My students have been knee deep in multi-step fraction word problems for the past few weeks and I wanted to give them a little break from all of the heavy thinking, so I decided to do a little "Game Rotation" session with them!
What is this, you ask? Well, let me tell you.
I went through my game stash at home and found some games I thought my kids would like AND that I could add a little educational twist to. I will share those games below, and just what I did with each game too, but let me first run you through how I set the stations up.
On 7 different tables, I placed on game station. I put the game out, placed any task cards there that were needed, and put any other materials that might be useful (like paper towels or wipes.) I then dismissed the students one by one to sit at a table. They could sit anywhere but only 4 students were allowed at any given table (only 28 of my students were participating, as the others were engaged in a separate activity.) The students took their math notebooks and a pencil with them to the station.
I gave the groups 10 minutes to play whatever game was in front of them. I had previously taken 15 minutes before recess to briefly explain each game. They were super simple and familiar, so the kids were good with that short explanation. I laid down some ground rules (i.e.: keep it fair, don't rush ahead, follow the rules, keep it semi clean, etc...) the kids were off.
Here were the games we played.
** Pie Face **
I actually had 3 stations of this game, since at my house I had 3 game boxes (I know, that is excessive for one household....) At each station, the game set up was there, a can of whipped cream, and a set of fraction task cards spanning all operations. The students each chose a task card I created that purposefully only had answers from 1-6 (which were harder to create that I thought they would be!) Once all 4 students had successfully solved the problem on their card, they took turns at the Pie Face wheel. The students turned the levers as many times as their answer told them too. If they were pied, I let them add more whipped cream so that the rest of the kids could have a turn. Needless to say, they LOVED this station. Since I had 3, I spaced them out so the kids would go through this station every other time we switched.
You can get the task cards I created here. They are only fraction ones (the decimal one above snuck into the mix!) and span all 4 operations. They also only have answers up to 10, so they are perfect to use for the games here!)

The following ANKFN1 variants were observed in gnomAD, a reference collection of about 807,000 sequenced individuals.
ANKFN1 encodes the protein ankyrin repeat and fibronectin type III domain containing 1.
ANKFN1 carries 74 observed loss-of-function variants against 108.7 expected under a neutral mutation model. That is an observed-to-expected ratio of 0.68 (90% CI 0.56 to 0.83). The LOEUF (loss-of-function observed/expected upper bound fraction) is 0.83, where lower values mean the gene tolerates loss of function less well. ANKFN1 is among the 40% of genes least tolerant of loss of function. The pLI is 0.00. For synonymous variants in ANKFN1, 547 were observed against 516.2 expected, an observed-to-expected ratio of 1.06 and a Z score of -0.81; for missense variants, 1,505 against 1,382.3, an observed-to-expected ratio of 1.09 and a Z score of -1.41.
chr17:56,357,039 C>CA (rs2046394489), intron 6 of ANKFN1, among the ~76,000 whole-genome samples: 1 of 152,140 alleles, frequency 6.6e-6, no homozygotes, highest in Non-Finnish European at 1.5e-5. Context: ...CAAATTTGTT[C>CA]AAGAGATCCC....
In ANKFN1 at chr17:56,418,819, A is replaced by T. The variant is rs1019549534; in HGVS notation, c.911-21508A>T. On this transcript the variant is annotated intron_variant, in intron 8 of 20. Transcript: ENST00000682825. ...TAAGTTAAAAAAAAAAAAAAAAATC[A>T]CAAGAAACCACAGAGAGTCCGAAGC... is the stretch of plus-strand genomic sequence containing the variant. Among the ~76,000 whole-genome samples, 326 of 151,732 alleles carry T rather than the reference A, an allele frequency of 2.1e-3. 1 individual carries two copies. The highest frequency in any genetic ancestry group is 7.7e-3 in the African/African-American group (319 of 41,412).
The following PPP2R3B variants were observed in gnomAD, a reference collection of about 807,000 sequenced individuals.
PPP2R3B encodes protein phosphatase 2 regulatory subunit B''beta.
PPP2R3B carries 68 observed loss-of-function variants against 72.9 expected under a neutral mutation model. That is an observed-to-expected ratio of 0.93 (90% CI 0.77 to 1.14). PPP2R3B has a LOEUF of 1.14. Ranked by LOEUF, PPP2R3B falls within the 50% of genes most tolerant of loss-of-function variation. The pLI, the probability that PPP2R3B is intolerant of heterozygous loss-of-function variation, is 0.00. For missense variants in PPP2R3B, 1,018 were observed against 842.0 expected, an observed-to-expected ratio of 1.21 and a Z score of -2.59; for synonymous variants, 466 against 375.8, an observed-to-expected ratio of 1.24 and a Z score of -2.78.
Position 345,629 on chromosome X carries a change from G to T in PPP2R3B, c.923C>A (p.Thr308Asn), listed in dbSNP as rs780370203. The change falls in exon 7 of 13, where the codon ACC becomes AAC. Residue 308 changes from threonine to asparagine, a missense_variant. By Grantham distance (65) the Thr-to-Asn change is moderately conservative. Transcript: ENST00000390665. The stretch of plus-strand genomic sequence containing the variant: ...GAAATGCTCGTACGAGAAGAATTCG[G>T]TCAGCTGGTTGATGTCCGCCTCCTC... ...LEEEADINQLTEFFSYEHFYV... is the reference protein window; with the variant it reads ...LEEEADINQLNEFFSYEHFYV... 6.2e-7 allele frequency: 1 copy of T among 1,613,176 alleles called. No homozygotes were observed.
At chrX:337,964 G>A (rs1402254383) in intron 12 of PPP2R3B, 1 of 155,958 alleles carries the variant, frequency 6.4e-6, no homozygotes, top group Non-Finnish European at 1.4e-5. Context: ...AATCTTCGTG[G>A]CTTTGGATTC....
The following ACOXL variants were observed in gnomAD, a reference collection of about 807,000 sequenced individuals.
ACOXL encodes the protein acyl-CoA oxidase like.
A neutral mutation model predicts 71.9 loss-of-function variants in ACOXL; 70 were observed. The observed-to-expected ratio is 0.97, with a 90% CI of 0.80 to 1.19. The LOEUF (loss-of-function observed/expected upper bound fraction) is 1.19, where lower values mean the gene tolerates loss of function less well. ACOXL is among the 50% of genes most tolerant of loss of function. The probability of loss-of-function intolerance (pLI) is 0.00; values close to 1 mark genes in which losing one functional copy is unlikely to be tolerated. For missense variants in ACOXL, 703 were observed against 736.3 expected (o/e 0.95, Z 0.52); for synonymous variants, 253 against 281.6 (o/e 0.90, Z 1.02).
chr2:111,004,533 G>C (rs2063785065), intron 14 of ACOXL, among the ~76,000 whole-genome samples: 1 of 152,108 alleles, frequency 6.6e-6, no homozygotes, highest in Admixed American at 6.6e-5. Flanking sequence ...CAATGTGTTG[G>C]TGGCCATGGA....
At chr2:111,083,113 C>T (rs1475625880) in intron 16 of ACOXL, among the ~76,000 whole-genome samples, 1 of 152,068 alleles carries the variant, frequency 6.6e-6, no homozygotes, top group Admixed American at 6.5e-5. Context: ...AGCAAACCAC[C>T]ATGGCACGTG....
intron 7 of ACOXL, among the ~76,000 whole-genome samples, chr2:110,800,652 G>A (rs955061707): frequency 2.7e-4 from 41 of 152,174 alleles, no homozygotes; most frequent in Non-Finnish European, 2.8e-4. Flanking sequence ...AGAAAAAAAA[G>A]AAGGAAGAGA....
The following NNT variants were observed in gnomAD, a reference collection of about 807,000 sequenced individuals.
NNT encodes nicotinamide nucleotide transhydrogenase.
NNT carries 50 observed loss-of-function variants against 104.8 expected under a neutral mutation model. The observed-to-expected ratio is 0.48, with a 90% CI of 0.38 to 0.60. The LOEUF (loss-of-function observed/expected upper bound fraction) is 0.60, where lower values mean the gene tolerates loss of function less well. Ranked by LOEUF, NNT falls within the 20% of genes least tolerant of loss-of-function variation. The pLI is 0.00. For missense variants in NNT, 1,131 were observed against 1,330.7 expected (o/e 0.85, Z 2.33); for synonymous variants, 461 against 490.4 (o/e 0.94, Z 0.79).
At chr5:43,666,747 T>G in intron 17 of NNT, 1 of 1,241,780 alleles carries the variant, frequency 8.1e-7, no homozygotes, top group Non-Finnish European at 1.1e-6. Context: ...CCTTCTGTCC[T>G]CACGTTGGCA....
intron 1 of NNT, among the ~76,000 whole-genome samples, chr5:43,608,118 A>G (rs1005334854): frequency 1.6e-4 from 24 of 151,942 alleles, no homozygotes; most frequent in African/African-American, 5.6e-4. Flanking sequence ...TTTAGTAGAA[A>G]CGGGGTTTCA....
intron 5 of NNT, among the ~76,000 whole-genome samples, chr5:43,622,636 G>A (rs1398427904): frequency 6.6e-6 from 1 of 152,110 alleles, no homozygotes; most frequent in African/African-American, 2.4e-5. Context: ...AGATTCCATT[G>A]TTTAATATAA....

** Mastermind **
So, this technically isn't a math game, but it does involve lots of logical thinking and deducing. If you haven't played this game before, one group of students create a pattern with 4 different colored beads. The other group of students needs to figure out the pattern using colored beads and clues from the first group. My kids were SUPER engaged with this one as it seems very easy but proves quite challenging once they actually play.
** Prodigy **
I set up a chromebook station and the students played Prodigy on their own log in. They really enjoy this game, so it was quite relaxing for them to play. They did have their math notebooks with them so they could work out the problems on there.
** Split Second **
This is a game I found in my cupboard that I knew would work PERFECTLY for this rotation. I gave my kids a set of easy one step division problems (you could also use the fraction task cards from Pie Face to make things easier). The entire group was to solve this one problem and then, when the individual student finished solving it, they let go of their paddle and it popped to the center. The first kid with the right answer who was closest to the center won that round.
** Boggle **
Ok...this REALLY isn't a math game, but I had it at home and I needed another station, and the kids like it....so I used it. :) I set out the iPad so they could time each round for 2 minutes. The kids shook up the Boggle board, set the timer, and started finding words. You would be surprised how many kids had never played this game before! But they really had a nice, challenging time finding words.
In total, the kids only spent about 60 minutes going through the rotations (so they didn't get to every single one) but they really had a fantastic time. I loved that they were still engaged in math, but got to have a little fun while they were at it!